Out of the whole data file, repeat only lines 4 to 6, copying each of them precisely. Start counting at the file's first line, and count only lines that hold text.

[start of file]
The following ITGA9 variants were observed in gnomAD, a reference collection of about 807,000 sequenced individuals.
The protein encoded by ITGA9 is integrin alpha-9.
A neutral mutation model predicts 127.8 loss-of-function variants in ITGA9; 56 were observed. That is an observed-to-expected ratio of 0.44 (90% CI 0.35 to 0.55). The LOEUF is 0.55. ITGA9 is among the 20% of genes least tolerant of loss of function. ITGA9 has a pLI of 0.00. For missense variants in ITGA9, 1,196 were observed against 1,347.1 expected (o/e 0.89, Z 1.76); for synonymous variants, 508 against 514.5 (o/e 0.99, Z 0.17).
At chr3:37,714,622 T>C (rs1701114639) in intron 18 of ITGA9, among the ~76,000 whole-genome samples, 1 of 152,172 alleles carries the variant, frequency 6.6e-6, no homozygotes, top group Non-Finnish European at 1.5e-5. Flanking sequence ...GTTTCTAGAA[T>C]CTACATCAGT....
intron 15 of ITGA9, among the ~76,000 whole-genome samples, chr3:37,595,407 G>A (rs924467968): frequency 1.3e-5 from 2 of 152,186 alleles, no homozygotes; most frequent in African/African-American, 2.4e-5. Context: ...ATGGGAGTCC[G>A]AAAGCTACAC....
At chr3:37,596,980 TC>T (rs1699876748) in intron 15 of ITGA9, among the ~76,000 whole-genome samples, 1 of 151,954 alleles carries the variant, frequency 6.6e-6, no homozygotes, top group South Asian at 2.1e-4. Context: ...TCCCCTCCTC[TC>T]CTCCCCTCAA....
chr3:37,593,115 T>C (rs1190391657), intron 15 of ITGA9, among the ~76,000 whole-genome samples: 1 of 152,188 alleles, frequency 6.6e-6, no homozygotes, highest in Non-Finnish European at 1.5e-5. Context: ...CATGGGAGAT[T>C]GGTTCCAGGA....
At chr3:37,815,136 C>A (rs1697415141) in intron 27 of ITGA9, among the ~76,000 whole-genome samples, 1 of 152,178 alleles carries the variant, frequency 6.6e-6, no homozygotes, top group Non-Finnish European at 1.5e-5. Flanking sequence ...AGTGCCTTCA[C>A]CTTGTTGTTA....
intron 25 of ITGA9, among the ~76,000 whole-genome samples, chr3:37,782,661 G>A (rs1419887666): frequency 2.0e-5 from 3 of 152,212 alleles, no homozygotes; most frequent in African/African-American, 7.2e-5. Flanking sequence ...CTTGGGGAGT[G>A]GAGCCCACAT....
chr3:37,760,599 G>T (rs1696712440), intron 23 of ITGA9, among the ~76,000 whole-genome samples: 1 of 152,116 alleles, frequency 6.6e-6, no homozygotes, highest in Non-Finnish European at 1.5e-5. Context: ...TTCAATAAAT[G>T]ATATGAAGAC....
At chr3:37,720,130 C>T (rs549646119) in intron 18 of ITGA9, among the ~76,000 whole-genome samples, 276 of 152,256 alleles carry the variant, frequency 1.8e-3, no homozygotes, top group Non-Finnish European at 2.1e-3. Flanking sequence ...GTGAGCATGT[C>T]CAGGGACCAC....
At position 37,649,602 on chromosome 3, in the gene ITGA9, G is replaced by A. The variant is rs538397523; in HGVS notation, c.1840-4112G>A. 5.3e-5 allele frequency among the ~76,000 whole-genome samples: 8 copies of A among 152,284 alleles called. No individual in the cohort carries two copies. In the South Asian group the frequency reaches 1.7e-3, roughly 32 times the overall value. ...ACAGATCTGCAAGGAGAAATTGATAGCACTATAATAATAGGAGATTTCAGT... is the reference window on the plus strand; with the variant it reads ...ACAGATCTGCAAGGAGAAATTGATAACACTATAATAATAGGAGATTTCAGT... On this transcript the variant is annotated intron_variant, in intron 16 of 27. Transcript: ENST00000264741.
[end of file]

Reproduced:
At chr3:37,714,622 T>C (rs1701114639) in intron 18 of ITGA9, among the ~76,000 whole-genome samples, 1 of 152,172 alleles carries the variant, frequency 6.6e-6, no homozygotes, top group Non-Finnish European at 1.5e-5. Flanking sequence ...GTTTCTAGAA[T>C]CTACATCAGT....
intron 15 of ITGA9, among the ~76,000 whole-genome samples, chr3:37,595,407 G>A (rs924467968): frequency 1.3e-5 from 2 of 152,186 alleles, no homozygotes; most frequent in African/African-American, 2.4e-5. Context: ...ATGGGAGTCC[G>A]AAAGCTACAC....
At chr3:37,596,980 TC>T (rs1699876748) in intron 15 of ITGA9, among the ~76,000 whole-genome samples, 1 of 151,954 alleles carries the variant, frequency 6.6e-6, no homozygotes, top group South Asian at 2.1e-4. Context: ...TCCCCTCCTC[TC>T]CTCCCCTCAA....